Andrea Torres, John Steward, Sheryl Strasser, Rodney Lyn, Rebecca Serna and Christine Stauber
Open Streets are community-based programs that promote the use of public space for physical activity (PA), recreation and socialization by closing streets temporarily to motorized vehicles, allowing access to pedestrians. The city of Atlanta hosted its first Open Streets event, Atlanta Streets Alive (ASA), in May 2010. An evaluation of the first 5 ASA events from May 2010 to May 2012 was conducted. The purpose was to learn about the characteristics of ASA participants, the influence of the event on their PA, and perceptions of safety and neighborhood social capital.
ASA’s evaluation had 2 components: participant counts and a participant survey. Characteristics of participation were compared among the 3 different events in which surveys were conducted using the Pearson χ2 test and F test as appropriate.
The estimated participation at ASA increased from nearly 3,500 (ASA 1 to 4) to 12,520 (ASA 5). The number of events increased to 3 per year for a total of 10 events until 2014. Overall, 19.4% of participants met the weekly PA recommendation during 1 event.
The expanding diversity of routes, participants, and sponsorships highlights the potential promise such programming offers in terms of establishing an urban culture of health.
Amy Eyler, Jamie Chriqui, Jay Maddock, Angie Cradock, Kelly R. Evenson, Jeanette Gustat, Steven Hooker, Rodney Lyn, Michelle Segar, Nancy O’Hara Tompkins and Susan G. Zieff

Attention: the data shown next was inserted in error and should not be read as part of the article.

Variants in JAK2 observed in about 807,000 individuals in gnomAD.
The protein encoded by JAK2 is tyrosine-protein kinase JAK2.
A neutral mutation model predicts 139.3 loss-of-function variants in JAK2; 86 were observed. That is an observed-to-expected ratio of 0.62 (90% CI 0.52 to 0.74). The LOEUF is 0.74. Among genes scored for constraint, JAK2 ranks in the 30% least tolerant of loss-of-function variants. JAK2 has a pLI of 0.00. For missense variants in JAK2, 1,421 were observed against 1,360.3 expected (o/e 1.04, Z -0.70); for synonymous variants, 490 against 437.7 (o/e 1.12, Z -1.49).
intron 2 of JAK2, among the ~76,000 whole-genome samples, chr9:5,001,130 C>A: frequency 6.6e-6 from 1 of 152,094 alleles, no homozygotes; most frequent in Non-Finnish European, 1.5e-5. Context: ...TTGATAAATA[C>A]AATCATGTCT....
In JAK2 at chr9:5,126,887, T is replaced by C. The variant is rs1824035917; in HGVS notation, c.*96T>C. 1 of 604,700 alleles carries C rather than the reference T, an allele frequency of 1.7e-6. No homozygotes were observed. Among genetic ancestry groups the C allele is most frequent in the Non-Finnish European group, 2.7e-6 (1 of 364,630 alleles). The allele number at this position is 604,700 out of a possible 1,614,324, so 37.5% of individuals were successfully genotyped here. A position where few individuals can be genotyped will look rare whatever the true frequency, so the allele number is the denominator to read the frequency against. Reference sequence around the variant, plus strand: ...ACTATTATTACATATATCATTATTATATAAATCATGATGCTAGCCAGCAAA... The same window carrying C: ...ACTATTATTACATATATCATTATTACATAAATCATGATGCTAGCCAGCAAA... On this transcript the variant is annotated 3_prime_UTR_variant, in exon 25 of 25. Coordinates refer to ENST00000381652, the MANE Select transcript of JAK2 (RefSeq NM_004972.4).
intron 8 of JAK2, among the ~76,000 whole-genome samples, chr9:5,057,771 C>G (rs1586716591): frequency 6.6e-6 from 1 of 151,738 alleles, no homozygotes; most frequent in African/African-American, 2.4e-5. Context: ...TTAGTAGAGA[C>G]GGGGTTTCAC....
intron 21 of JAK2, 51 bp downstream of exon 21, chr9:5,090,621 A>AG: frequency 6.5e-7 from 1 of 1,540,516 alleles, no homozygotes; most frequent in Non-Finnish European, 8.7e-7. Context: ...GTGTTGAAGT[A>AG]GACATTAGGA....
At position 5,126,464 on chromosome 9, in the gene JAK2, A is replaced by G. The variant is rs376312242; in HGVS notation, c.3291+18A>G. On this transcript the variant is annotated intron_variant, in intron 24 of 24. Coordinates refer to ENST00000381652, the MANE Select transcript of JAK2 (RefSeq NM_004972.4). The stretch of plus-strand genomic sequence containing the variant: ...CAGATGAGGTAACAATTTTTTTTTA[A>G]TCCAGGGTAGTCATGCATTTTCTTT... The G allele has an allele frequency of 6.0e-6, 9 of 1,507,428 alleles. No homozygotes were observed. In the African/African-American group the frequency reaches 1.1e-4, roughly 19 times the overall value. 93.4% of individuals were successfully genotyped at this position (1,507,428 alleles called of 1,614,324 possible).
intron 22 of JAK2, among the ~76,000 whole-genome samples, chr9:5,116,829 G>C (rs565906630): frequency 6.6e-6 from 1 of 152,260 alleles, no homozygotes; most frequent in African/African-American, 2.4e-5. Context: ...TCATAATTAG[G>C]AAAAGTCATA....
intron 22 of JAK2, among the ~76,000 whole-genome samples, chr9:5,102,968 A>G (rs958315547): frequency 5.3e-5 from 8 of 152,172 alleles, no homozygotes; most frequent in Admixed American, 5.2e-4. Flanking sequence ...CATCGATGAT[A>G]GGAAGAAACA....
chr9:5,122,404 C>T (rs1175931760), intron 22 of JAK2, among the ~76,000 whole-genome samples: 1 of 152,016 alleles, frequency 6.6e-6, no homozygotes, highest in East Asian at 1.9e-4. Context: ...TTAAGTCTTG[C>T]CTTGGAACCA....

In the United States, health promotion efforts often begin with state-level strategic plans. Many states have obesity, nutrition, or other topic-related plans that include physical activity (PA). The purpose of this study was to assess PA content in these state plans and make recommendations for future plan development.
Publically available plans were collected in 2010. A content analysis tool was developed based on the United States National PA Plan and included contextual information and plan content. All plans were double coded for reliability and analyzed using SPSS.
Forty-three states had a statewide plan adopted between 2002 and 2010, none of which focused solely on PA. Over 80% of PA-specific strategies included policy or environmental changes. Most plans also included traditional strategies to increase PA (eg, physical education, worksite). Few plans included a specific focus on land use/community design, parks/recreation, or transportation. Less than one-half of plans included transportation or land use/community design partners in plan development.
Though the majority of states had a PA-oriented plan, comprehensiveness varied by state. Most plans lacked overarching objectives on the built environment, transportation, and land use/community design. Opportunities exist for plan revision and alignment with the National PA Plan sectors and strategies.